I went to Beijing in 1990 with a technological delegation and spoke at the opening open seminar. The majority of Taiwanese companies’ operations in China from 1990 to 2000 were only for contract processing; it wasn’t until those companies made investments in the Yangtze River Delta that the industrial relationship underwent a significant shift.
Following the relocation of all notebook production lines to China in 2000, the Taiwan Strait Islands and China began a phase of “complementarity and competition.” Taiwan could not fulfill significant orders without the Chinese industrial base, and China could not have the current electronics supply chain without the environment created by Taiwanese businesses. But Trump has woken us up, and since then, opinions on cross-strait relations have diverged.
We need to approach these problems logically: Both the political and technological sectors have their own points of view and legitimate concerns. Additionally, there are intricate problems with semiconductors and supply systems that lie behind the G2 design. We must also recognize that China has reached a new stage with the market acting as a new force propelling its industry development with the release of the iPhone in 2007 and the Beijing Olympics in 2008.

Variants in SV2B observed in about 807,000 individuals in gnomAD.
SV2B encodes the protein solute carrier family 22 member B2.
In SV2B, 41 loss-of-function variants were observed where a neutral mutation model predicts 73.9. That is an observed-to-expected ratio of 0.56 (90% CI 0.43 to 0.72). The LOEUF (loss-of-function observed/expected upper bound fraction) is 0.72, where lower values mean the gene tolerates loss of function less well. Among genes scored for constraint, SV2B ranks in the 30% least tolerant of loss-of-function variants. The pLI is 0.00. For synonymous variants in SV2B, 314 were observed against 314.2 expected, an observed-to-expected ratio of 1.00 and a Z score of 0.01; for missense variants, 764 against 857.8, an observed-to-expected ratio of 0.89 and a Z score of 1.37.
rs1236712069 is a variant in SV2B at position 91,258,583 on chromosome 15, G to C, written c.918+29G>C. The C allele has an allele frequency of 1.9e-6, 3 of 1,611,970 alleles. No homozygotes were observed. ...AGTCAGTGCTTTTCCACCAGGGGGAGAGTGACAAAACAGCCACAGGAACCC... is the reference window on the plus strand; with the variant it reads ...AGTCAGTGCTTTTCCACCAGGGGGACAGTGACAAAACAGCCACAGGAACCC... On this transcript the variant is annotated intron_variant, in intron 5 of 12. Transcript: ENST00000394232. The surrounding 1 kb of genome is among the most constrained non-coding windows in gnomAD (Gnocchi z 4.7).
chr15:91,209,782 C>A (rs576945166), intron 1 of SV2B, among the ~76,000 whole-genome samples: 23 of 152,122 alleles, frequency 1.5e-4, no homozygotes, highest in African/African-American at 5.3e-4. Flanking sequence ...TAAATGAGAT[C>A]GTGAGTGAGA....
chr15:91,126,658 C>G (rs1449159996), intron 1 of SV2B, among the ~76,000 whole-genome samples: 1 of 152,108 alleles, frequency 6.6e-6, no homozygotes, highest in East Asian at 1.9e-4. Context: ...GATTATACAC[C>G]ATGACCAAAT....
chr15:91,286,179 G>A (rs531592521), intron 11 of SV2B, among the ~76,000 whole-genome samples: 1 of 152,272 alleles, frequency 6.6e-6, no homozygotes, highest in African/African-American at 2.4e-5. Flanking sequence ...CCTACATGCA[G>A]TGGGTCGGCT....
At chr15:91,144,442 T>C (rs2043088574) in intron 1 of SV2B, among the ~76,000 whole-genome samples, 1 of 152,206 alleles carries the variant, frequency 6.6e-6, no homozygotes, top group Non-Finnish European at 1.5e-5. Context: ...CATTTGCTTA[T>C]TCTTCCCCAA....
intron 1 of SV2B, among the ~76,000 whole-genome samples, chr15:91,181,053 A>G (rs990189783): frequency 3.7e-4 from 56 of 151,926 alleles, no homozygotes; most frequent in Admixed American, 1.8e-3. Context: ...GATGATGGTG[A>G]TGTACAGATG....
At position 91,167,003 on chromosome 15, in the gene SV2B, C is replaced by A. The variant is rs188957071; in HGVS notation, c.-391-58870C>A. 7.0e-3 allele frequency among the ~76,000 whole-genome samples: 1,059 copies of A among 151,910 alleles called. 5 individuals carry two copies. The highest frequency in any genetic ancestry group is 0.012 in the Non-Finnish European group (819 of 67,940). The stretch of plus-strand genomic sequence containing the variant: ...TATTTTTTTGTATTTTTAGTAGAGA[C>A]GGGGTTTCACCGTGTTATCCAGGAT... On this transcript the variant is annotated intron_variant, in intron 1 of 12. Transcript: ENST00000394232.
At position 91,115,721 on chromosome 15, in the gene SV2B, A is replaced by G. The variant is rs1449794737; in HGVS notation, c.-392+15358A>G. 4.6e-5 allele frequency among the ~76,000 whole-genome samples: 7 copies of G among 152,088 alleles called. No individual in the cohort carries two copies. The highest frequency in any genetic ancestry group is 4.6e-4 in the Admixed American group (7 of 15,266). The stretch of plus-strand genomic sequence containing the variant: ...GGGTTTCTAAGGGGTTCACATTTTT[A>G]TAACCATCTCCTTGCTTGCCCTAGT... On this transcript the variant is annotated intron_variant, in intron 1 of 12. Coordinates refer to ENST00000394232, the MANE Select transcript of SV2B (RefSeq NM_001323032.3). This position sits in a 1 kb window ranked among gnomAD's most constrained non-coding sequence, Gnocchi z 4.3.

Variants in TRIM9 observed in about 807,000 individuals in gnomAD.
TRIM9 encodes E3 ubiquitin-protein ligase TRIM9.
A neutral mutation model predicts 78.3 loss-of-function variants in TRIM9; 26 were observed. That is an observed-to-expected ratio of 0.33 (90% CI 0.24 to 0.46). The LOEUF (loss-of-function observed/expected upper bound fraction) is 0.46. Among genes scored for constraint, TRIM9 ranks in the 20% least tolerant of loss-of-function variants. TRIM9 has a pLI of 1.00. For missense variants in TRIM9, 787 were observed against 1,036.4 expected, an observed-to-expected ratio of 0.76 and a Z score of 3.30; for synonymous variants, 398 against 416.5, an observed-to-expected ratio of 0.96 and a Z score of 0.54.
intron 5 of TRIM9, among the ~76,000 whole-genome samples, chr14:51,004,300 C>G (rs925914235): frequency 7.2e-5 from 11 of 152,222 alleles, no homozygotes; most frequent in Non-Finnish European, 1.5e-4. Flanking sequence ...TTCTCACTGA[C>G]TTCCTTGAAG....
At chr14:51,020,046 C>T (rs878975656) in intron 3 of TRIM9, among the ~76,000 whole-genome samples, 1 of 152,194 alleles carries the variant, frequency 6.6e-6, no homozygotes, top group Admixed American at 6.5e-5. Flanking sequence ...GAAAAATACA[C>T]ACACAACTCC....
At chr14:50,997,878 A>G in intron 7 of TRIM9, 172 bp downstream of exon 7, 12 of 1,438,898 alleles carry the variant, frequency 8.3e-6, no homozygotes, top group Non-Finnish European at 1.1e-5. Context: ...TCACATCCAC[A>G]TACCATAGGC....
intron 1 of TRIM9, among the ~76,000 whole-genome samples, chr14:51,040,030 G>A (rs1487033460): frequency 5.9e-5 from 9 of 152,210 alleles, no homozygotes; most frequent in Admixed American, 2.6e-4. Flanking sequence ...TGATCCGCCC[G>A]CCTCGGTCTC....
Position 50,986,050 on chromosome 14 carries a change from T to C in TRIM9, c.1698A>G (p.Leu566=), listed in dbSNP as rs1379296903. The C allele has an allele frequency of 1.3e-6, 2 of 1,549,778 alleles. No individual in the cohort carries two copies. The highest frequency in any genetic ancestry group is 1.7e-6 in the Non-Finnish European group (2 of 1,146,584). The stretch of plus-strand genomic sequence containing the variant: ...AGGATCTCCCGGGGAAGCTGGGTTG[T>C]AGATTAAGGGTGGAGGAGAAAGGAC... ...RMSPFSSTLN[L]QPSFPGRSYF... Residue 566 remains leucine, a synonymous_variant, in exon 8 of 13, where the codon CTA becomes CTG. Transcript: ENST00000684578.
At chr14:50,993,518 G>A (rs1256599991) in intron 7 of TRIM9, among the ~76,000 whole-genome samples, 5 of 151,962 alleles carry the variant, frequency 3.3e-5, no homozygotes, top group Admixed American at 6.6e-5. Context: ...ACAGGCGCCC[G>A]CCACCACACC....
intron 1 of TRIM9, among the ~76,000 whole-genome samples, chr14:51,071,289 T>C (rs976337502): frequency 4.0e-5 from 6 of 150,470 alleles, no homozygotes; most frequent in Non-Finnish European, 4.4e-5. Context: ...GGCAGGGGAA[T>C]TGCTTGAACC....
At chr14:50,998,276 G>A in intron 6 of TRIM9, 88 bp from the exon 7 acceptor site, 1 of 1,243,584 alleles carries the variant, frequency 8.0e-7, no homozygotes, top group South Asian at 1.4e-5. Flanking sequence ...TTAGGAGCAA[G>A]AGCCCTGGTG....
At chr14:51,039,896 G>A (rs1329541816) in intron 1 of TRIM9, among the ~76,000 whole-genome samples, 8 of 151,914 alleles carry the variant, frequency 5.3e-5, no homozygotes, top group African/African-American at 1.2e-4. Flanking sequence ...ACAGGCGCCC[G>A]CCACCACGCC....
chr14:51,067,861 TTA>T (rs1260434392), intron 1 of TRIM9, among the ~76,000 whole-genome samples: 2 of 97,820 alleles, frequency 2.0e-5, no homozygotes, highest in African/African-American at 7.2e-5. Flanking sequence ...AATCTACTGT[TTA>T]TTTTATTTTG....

What does Taiwan have compared to China’s TikTok? What is Taiwan’s overall strategy in light of China’s development? We would hear from the administration, and the majority of the candidates in the year-end elections have addressed these concerns. Perhaps we ought to start planning our own conferences about them.
I have frequently participated in conversations about national strategies throughout the years. And I did recently present a public lecture on Taiwan’s national policy from the viewpoint of a seasoned IT sector analyst.